Argentina’s new tax plan aims to solve investment problem

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By:
Rob Dwyer
Published on:

New tax laws complicate the government’s short-term fiscal challenge; credit negative for banks because of increased funding costs.

Mauricio-Macri-WEF-R-600
Lack of investment has been the key problem to the success of Mauricio
Macri’s economic plan

President Mauricio Macri is pushing ahead with his attempts to reform the Argentine economy after his strong performance in the country’s mid-term elections.

The government’s proposed tax reform is the central policy driver for this economic improvement and, while analysts say it could invigorate growth, it could also complicate his finance team’s attempts to shrink the fiscal budget.

It also has some negative impacts for the profitability of Argentina’s banks.

The main change includes a gradual reduction in the corporate tax rate to 25% from 35% over four years and the lowering of employer social security contributions, as well as the introduction of new taxes on investment income for individual investors and on corporate dividends.

These reforms could lower tax receipts in the short term, although if they spark investment and economic growth the negative impact could be short lived – especially as the law also aims to improve the efficiency of the revenue service.

Lack of investment – particularly foreign direct investment – has been the key problem to the success of Macri’s economic plan. The main thrust of these reforms is to incentivize greater investment and more sustainable economic growth.

The government’s own figures suggest that the net impact on the tax cuts will be a loss of revenue in the first year worth 0.3% – and that figure includes projections for increased growth sparked by the tax cuts. Without higher growth, the new tax law would lead to a fall in tax receipts equal to 1.5% of the economy, clearly complicating the government’s target to reduce the primary deficit to 3.2% of GDP this year and to 2.2% in 2019.

Achilles heel

UBS’s Argentina economist Rafael de la Fuente believes that fiscal deficit remains the government’s Achilles heel, saying: “If the authorities want to reduce interest rates and prevent further peso appreciation, while at the same time reducing inflation, we believe the central bank will need help from the fiscal side [and a] more rapid fiscal consolidation will have to be on the table.”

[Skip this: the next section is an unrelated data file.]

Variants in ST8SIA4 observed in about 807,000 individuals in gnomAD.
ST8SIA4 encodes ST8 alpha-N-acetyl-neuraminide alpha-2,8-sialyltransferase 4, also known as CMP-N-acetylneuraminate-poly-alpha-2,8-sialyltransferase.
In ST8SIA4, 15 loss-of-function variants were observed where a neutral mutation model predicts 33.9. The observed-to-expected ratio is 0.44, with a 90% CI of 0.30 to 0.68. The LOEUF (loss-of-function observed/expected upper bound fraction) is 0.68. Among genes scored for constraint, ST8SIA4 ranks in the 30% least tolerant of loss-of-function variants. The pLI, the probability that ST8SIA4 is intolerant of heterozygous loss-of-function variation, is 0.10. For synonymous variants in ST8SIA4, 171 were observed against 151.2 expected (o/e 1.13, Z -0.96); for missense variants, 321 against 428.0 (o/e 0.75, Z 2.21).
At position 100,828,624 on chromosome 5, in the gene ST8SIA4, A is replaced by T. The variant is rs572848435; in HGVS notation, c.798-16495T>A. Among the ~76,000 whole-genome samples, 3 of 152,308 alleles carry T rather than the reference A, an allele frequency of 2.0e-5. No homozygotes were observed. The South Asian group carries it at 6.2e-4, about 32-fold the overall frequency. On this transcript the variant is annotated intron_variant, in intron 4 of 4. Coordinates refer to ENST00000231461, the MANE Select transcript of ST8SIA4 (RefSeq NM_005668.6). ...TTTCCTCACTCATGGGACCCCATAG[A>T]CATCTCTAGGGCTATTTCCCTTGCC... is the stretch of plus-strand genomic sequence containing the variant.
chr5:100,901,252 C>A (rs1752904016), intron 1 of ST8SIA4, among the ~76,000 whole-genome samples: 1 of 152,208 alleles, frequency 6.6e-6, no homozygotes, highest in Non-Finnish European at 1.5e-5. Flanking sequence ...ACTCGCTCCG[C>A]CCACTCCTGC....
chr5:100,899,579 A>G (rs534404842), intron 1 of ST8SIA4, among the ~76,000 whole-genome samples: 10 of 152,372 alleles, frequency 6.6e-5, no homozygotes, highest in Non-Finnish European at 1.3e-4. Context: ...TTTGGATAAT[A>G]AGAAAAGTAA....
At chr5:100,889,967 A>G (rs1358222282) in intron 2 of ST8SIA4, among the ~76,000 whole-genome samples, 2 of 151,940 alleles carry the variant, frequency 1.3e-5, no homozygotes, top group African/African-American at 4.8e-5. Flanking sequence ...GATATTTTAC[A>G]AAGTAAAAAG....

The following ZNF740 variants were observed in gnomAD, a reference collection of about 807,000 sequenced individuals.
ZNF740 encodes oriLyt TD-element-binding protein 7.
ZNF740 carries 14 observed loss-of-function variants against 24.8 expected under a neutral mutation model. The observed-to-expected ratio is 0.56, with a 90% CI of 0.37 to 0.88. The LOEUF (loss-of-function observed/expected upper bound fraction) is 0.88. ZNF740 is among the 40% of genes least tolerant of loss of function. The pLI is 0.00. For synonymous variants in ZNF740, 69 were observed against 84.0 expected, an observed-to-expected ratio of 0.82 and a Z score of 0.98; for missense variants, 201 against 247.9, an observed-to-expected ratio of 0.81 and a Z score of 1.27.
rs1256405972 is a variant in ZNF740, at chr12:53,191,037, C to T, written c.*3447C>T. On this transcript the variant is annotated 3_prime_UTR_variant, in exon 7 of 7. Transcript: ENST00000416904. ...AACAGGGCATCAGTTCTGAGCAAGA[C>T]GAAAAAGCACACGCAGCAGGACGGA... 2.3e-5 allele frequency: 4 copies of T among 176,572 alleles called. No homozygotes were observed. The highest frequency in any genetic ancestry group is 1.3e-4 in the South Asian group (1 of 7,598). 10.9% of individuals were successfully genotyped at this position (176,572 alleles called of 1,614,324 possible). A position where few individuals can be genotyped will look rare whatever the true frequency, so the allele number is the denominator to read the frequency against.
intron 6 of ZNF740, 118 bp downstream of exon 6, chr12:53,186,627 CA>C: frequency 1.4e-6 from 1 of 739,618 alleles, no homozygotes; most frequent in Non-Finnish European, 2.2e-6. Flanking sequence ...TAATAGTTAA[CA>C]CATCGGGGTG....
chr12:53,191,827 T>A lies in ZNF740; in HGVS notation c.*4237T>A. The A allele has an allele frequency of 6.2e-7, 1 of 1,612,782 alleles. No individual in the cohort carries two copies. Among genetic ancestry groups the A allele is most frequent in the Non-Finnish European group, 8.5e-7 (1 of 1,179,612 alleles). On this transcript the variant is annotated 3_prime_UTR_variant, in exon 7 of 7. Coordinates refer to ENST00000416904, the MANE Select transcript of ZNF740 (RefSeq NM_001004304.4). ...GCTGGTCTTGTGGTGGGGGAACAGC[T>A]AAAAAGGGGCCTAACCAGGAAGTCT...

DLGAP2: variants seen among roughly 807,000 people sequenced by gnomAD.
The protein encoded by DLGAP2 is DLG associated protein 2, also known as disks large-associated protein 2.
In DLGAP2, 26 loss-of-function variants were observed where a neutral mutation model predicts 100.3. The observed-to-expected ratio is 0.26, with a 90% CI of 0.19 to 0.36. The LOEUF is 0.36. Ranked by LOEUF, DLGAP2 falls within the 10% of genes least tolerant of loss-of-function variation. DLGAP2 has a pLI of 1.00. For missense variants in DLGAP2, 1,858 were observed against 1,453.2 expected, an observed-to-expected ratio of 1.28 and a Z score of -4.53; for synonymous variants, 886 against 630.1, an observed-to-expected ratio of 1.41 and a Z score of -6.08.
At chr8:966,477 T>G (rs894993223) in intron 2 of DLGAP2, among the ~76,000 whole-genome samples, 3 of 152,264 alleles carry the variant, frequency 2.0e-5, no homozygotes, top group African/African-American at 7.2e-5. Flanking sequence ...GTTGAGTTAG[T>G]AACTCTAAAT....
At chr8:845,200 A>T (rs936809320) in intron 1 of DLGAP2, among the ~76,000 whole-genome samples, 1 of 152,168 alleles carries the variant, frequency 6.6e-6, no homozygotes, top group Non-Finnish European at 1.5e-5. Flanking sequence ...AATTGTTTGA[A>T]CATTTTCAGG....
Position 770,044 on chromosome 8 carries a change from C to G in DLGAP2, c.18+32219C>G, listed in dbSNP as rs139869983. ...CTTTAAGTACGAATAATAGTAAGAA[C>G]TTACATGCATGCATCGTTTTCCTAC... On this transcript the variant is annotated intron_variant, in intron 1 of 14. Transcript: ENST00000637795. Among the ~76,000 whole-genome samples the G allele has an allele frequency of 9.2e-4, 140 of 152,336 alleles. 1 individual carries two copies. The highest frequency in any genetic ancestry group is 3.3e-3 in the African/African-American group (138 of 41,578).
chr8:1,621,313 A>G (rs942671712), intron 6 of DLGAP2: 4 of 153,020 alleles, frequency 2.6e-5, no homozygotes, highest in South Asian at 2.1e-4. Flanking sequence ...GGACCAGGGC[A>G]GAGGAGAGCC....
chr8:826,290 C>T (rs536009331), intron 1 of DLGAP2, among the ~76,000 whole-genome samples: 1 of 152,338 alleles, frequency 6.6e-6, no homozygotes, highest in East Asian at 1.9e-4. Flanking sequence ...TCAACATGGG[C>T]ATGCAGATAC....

The government has already walked back its inflation targeting plan in the face of stubborn inflation and the necessity for high interest rates than the original targets implied – which were frustrating GDP growth and investment.

The central bank announced an increase in the 2018 target to 15% from 10% with a two percentage point band. The central bank then duly cut its main rate to 27.25% – a 75 basis point cut while the market was expecting 150bp.

A report by rating agency Moody’s articulates this problem, but sides with the government’s pro-growth agenda.

“Although government revenue will slip modestly as a result of the tax changes, which will complicate Argentina’s fiscal situation further, looking more broadly the reforms will increase the country’s competitiveness and stimulate investment, which are credit positive for the sovereign,” it states.

Meanwhile, Moody’s claims that the impact of the tax reform for the banking sector is negative. The most direct impact is a new investment income tax on interest earnings from individuals’ term deposits, which is negative for banks’ funding costs.

Bank deposit breakdown as of October 2017
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Source: Moody's

As of October 2017, individuals’ term deposits accounted for 20% of Argentine banking system deposits and this tax will push up interest rates on those deposits, as well as slowing deposit growth as savers demand that banks offset the impact of the tax. These increased costs could reduce bank profitability and drive up lending rates.

Although the elimination of the tax exemption only applies to deposits from individuals, it will have a large impact as individual deposits make up 70% of total private-sector term deposits and 30% of total private-sector bank deposits in Argentina.

Moreover, individual deposits have driven term deposit growth in the past year, growing by 24% over the 12 months ended in October. Corporate term deposits grew 10% during the same period and institutional term deposits fell 27%. As a result, the total term deposit base grew only 17%, even as loans grew 51%.

“With loan demand likely to increase as the economy grows and inflation falls, banks’ ability to increase the volume and tenor of their term deposits will be an important means to limit their reliance on market funding,” says the Moody’s report, which also points out that this change comes at a time when the banking system is already struggling to increase its deposit base to fund rising loan demand as the economy continues to expand. Term deposits represent almost 30% of banks’ total funding.

However, the reduction of the corporate income tax rate coupled with the introduction of an offsetting tax on dividends could have an indirect positive impact on banks – in addition to the direct implications for banks’ own tax liabilities. Because these changes are positive for corporate profitability, they should improve the quality of banks’ loan portfolios and increase credit demand more generally.

This increase in credit demand might be tempered at the margin by a tax on dividends that will make earnings reinvestment more attractive relative to debt issuance and bank borrowing, which could lead to less demand for corporate bank loans.

Meanwhile, a new capital markets law is expected to be published in March that could have a bigger impact on the funding costs for bank – as well as creating new revenue opportunities.